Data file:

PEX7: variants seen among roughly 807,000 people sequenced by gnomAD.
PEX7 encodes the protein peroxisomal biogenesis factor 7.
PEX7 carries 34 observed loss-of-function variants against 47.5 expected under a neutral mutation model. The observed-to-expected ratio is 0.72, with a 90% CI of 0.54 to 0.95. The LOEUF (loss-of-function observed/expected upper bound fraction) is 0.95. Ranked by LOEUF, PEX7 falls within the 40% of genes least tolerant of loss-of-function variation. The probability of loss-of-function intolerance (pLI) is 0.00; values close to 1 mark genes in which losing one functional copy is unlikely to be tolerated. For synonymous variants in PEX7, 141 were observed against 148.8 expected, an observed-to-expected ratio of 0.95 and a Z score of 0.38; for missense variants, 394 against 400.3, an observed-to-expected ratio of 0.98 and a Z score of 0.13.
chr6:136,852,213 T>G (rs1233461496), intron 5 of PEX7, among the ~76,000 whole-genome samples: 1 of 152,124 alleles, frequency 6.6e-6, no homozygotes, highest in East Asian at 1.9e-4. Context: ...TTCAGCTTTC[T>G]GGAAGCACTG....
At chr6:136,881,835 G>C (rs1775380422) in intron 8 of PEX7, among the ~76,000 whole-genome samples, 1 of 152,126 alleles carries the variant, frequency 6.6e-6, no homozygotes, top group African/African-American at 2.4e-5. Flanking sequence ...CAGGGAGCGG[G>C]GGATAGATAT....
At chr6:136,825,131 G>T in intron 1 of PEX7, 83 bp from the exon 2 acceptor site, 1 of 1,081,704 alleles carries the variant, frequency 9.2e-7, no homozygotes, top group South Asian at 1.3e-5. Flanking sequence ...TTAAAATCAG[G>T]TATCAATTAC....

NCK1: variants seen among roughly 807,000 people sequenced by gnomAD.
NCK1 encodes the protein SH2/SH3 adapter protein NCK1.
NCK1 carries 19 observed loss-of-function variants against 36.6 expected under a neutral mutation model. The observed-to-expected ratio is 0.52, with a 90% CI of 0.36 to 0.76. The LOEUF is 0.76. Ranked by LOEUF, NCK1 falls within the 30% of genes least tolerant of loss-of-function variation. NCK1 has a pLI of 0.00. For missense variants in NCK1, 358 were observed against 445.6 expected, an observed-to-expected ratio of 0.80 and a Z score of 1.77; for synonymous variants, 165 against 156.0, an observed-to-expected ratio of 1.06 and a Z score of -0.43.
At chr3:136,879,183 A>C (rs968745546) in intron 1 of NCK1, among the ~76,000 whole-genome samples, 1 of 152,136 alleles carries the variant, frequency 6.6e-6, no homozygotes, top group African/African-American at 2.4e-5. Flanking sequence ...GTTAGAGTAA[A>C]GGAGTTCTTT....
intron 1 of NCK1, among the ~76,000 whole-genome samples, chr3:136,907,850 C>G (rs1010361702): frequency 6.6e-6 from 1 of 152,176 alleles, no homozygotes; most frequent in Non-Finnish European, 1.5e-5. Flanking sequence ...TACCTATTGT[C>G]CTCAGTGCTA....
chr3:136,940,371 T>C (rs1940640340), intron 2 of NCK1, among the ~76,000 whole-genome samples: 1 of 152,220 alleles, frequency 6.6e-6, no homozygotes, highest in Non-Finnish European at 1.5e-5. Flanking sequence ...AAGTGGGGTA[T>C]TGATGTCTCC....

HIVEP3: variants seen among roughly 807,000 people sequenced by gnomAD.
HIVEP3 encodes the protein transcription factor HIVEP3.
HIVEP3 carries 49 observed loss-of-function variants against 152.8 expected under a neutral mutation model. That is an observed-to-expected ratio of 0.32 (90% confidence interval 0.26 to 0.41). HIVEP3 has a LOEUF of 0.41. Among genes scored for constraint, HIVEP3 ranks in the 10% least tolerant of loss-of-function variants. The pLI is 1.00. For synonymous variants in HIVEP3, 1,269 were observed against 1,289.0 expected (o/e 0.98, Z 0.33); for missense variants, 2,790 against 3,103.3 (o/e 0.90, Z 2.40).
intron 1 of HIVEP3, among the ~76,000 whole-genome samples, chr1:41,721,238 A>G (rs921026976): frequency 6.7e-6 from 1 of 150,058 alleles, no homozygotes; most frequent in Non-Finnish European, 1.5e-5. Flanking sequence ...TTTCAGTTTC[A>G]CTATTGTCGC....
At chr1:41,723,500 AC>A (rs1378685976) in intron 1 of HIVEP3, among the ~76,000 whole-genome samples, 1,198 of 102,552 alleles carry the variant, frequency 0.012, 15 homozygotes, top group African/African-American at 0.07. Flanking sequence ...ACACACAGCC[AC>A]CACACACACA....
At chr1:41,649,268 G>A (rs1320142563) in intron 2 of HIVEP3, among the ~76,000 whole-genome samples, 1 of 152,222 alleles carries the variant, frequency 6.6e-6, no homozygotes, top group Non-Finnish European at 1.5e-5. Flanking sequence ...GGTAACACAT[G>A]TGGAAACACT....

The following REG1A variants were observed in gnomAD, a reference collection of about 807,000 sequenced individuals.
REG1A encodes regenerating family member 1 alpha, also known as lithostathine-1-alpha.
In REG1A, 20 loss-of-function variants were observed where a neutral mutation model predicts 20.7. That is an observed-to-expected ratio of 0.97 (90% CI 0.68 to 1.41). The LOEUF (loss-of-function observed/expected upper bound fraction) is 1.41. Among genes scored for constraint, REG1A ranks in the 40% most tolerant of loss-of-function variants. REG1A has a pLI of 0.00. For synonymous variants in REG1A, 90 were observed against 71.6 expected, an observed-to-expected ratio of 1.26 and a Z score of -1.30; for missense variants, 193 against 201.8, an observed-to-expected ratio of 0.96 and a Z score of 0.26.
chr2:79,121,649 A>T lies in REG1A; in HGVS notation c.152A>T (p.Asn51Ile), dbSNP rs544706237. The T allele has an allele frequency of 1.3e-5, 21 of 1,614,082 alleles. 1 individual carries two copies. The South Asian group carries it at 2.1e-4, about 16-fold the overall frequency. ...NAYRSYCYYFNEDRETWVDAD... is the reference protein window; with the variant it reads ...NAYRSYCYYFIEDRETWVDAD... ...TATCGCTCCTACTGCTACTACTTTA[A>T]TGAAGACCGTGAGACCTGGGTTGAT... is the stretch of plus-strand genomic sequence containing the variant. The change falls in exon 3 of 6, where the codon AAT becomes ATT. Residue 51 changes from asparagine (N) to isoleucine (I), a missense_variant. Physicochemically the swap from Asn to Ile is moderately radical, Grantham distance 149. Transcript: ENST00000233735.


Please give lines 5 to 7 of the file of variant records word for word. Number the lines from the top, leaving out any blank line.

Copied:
At chr6:136,881,835 G>C (rs1775380422) in intron 8 of PEX7, among the ~76,000 whole-genome samples, 1 of 152,126 alleles carries the variant, frequency 6.6e-6, no homozygotes, top group African/African-American at 2.4e-5. Flanking sequence ...CAGGGAGCGG[G>C]GGATAGATAT....
At chr6:136,825,131 G>T in intron 1 of PEX7, 83 bp from the exon 2 acceptor site, 1 of 1,081,704 alleles carries the variant, frequency 9.2e-7, no homozygotes, top group South Asian at 1.3e-5. Flanking sequence ...TTAAAATCAG[G>T]TATCAATTAC....

NCK1: variants seen among roughly 807,000 people sequenced by gnomAD.